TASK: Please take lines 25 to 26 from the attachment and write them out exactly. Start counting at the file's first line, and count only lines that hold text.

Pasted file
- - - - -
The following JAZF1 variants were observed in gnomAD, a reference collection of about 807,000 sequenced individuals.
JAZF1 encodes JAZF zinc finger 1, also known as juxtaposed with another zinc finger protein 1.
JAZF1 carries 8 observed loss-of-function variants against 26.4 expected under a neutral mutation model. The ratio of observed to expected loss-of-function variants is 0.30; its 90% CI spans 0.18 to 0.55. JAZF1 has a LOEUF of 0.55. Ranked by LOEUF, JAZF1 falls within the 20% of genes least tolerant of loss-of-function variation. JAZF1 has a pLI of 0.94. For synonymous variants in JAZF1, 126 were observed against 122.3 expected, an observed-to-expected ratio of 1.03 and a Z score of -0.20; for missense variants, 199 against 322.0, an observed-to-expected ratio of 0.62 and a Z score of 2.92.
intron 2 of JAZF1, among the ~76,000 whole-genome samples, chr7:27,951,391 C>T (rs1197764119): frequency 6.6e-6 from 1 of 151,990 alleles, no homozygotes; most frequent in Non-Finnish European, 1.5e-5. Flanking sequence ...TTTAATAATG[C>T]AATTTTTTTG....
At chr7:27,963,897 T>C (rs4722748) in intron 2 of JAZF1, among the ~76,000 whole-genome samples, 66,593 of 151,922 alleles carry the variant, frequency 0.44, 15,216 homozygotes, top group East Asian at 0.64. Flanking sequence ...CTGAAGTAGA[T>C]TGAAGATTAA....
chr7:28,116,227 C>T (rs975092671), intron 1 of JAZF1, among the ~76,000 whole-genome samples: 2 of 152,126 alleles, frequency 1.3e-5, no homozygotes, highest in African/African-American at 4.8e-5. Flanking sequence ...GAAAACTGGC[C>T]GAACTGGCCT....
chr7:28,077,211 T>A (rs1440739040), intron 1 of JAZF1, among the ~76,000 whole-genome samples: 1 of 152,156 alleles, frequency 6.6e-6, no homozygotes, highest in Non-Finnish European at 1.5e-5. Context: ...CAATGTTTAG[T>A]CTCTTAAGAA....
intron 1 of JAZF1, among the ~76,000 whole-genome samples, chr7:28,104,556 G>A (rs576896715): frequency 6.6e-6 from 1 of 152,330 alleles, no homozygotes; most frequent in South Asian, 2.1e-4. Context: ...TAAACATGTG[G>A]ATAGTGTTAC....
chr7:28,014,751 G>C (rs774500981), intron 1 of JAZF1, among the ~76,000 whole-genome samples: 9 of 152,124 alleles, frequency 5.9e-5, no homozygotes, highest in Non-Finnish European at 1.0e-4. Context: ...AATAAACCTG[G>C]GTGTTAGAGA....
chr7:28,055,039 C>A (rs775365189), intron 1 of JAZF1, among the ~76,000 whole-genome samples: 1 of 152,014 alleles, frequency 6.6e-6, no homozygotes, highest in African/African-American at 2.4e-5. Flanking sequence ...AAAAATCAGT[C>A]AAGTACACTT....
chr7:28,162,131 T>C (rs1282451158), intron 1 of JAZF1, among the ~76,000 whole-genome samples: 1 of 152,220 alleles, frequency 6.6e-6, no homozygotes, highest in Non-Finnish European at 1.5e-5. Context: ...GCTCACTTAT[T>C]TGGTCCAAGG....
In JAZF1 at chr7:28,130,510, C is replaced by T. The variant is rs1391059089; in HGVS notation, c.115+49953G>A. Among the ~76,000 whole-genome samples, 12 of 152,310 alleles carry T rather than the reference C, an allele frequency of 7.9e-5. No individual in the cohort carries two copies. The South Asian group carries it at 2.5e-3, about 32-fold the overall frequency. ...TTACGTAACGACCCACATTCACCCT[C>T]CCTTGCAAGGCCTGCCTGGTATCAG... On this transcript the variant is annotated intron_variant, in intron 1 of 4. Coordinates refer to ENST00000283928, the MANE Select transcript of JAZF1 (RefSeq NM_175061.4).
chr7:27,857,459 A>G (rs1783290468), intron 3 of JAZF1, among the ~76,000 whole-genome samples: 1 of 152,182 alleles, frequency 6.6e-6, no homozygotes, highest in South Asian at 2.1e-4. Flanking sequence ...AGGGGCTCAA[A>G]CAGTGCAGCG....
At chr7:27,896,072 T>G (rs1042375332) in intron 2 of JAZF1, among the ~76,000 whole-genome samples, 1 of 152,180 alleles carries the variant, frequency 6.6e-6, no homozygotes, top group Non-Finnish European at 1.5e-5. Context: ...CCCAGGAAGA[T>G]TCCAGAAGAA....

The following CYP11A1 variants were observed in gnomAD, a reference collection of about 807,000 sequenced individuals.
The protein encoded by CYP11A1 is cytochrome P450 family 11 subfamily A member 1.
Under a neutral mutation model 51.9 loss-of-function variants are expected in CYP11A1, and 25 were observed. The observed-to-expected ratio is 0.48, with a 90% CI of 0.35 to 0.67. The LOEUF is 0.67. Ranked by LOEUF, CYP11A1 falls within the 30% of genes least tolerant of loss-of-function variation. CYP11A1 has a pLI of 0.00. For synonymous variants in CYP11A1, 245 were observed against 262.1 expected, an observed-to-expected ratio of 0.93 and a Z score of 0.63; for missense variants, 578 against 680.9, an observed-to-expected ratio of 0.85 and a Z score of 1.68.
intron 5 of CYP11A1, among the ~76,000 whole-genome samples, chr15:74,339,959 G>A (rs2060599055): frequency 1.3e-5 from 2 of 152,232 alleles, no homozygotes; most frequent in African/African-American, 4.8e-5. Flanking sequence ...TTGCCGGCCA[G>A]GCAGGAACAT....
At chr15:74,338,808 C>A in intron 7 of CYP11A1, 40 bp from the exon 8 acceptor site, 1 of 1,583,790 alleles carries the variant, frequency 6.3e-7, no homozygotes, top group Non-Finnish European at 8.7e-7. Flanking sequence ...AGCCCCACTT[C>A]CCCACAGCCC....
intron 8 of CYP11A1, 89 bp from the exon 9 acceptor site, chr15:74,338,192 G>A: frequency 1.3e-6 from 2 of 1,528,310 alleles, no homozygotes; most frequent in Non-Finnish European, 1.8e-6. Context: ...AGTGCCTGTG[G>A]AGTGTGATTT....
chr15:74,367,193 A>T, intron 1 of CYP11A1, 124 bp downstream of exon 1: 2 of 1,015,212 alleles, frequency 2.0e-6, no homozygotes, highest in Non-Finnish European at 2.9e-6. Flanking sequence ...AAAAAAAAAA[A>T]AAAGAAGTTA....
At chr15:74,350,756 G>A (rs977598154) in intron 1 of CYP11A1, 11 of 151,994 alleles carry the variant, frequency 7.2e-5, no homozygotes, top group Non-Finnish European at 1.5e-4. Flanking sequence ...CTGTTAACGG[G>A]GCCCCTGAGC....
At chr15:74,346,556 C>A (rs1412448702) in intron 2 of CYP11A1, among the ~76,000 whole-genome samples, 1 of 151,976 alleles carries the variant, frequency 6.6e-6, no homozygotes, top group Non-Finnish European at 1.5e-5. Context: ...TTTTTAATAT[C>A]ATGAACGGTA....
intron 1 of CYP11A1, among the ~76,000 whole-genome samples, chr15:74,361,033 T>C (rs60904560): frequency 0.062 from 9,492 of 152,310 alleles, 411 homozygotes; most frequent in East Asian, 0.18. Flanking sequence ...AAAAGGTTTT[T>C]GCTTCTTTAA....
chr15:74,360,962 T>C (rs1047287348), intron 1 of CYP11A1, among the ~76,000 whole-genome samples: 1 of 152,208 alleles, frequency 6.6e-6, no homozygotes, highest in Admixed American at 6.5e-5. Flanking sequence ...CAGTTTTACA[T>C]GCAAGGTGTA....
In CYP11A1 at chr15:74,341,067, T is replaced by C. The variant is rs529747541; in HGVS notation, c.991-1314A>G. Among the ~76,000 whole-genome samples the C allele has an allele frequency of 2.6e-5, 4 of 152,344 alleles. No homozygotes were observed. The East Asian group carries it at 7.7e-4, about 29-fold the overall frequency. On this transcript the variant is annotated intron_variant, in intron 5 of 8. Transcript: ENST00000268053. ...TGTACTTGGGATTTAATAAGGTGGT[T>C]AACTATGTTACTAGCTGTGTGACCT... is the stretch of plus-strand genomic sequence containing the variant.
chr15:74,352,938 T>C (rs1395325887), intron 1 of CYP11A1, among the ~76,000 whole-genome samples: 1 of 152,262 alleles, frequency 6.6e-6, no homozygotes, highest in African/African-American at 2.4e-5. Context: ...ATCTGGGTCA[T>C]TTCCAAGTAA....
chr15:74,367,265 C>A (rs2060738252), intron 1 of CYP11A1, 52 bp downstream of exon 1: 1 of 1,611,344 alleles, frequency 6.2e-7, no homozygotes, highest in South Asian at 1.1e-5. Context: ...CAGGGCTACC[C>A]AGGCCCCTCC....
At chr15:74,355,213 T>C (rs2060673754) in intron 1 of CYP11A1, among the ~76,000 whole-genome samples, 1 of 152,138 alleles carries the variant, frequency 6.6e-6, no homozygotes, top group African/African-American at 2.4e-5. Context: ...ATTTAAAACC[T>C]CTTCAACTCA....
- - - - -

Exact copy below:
chr15:74,360,962 T>C (rs1047287348), intron 1 of CYP11A1, among the ~76,000 whole-genome samples: 1 of 152,208 alleles, frequency 6.6e-6, no homozygotes, highest in Admixed American at 6.5e-5. Flanking sequence ...CAGTTTTACA[T>C]GCAAGGTGTA....
In CYP11A1 at chr15:74,341,067, T is replaced by C. The variant is rs529747541; in HGVS notation, c.991-1314A>G. Among the ~76,000 whole-genome samples the C allele has an allele frequency of 2.6e-5, 4 of 152,344 alleles. No homozygotes were observed. The East Asian group carries it at 7.7e-4, about 29-fold the overall frequency. On this transcript the variant is annotated intron_variant, in intron 5 of 8. Transcript: ENST00000268053. ...TGTACTTGGGATTTAATAAGGTGGT[T>C]AACTATGTTACTAGCTGTGTGACCT... is the stretch of plus-strand genomic sequence containing the variant.